MADISON - The state Assembly says it won't create a bi-partisan committee to monitor Gov. Scott Walker's embattled Wisconsin Economic Development Corporation.
This after state Democrats and Republicans lashed out at the quasi-governmental agency Tuesday, after it was hit by a scathing report last week charging it broke state law.
"This audit was, that came out, sent a chill through my spine," State Rep. and Minority Leader Peter Barca, R-Kenosha, said Tuesday morning in Madison, flanked by Democratic legislators.
The audit Barca is referring to is one that detailed the job creation and economic growth agency broke state law, failed to properly track money and even gave awards to unqualified companies. The non-partisan Legislative Audit Bureau put together the report.
Barca, who also sits on the WEDC board, says it's time for the agency to shape up; and if it doesn't, there's a chance the two-year-old agency could be replaced.
"We need more transparency in this agency, we need more accountability," said Barca.
Republican leaders say they are also concerned about the agency. However, they wouldn't say the agency isn't doing its job.
"I know that there are serious problems that exist - there's not doubt about that," explained State Rep. and Speaker Robin Vos, R-Burlington. "But many of them, I think, are in the process of being solved or are well over a year old, under different leadership."
Former WEDC CEO and one-time Green Bay Mayor Paul Jadin left the agency last October after 15 months on the job. He now heads a Madison-area economic development group. That – after questions were raised about how he handled incentives for a company looking to land a state contract. Interim CEO Reed Hall was named as the full-time agency head in January.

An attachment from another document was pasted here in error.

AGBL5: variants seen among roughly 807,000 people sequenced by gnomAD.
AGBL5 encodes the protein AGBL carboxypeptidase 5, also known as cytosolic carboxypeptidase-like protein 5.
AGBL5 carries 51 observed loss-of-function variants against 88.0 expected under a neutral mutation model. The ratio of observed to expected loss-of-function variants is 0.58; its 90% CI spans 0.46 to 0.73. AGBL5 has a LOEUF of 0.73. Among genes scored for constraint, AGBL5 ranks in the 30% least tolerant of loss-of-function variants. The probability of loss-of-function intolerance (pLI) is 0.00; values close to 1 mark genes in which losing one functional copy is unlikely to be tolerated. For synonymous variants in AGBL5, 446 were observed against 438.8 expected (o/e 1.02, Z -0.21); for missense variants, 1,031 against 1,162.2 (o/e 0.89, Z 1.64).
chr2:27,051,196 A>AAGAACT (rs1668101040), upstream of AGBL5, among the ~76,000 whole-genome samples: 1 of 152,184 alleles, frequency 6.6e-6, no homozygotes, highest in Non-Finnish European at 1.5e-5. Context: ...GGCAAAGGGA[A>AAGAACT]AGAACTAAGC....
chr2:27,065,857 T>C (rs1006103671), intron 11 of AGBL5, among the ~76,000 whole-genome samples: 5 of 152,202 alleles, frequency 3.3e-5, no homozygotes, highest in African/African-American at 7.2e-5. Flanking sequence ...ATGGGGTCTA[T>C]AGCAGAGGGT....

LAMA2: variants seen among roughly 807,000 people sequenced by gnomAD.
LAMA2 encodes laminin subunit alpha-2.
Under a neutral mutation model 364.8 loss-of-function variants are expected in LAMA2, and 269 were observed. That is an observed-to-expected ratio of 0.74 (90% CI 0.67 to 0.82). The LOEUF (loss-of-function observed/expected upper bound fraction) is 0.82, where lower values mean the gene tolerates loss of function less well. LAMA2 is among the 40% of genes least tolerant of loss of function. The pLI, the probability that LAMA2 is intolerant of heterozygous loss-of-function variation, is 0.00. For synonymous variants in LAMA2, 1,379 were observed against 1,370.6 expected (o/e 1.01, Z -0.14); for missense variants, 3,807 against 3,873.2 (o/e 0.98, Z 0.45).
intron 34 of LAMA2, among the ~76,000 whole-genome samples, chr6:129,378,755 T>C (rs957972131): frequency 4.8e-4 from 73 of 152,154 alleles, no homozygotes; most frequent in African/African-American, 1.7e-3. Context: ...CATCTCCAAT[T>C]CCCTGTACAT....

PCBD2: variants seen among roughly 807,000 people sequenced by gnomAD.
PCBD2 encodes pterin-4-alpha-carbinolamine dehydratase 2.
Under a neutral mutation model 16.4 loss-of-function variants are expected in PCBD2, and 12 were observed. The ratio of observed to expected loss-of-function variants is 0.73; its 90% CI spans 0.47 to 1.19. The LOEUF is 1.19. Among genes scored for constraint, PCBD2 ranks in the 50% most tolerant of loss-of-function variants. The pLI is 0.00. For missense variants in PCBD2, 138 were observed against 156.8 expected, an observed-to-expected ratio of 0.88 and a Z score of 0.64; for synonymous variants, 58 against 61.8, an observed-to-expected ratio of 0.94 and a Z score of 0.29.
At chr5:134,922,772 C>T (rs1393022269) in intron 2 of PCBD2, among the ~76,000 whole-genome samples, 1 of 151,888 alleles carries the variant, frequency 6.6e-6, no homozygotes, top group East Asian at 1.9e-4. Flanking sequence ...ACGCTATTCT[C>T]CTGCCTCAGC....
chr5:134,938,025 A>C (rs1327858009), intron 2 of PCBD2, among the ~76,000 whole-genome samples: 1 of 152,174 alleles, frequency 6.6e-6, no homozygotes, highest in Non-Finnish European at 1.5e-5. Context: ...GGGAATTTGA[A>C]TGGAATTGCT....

The agency is also looking for a Chief Financial Officer. Its third CFO resigned two weeks ago, after just 24 hours on the job.
Add this to the Wisconsin Economic Development Corporation's sudden resignation of its spokesperson, John Gillespie, Monday.
Gillespie worked for WLUK-TV in the 90s. Gillespie left WEDC after it was reported he owes $36,000 in back taxes. Separately, an Outagamie County warrant seeks nearly $8,000 in unemployment compensation benefits.
He was hired to the $73,000/year post last month to help with the agency's image.
FOX 11 contacted the governor's office about the state of the WEDC. Governor Walker's press secretary Tom Evenson replied back saying:
"This is a WEDC personnel matter and I would refer you to the agency for any further comment."
A WEDC spokesman told FOX 11 the agency had no comment, on both the audit and Gillespie's resignation, only to say it is reviewing its background check procedures.
The WEDC board will meet Wednesday morning in Waukesha to discuss the audit. Walker's office says the governor plans to be there.
Then on Thursday, the Joint Legislative Audit committee is scheduled to discuss the audit and Walker's two year funding request for the agency.
After almost 80 years, a piece of naval history is on its way home. A model of the Japanese luxury liner Hikawa Maru is being packed up in Manitowoc and returned to Japan.
Visitors to Green Bay's Neville Public Museum will soon see hours slashed. The county-owned attraction is cutting access starting the first of the year.
An 11-foot-long model of the Japanese passenger liner Hikawa Maru is being sent back to Japan after 34 years at the Wisconsin Maritime Museum in Manitowoc.
Area volunteers are making a difference in the community this holiday season. At this time of the year, many people are looking for ways to help their neighbors. The Salvation Army is one of the many places where you can do just that.
For the second year in a row, St. Norbert College could house overflow of homeless people from the St. John the Evangelist shelter in Green Bay.
A memorial fund has been created for a Grand Chute firefighter killed in a weekend car crash.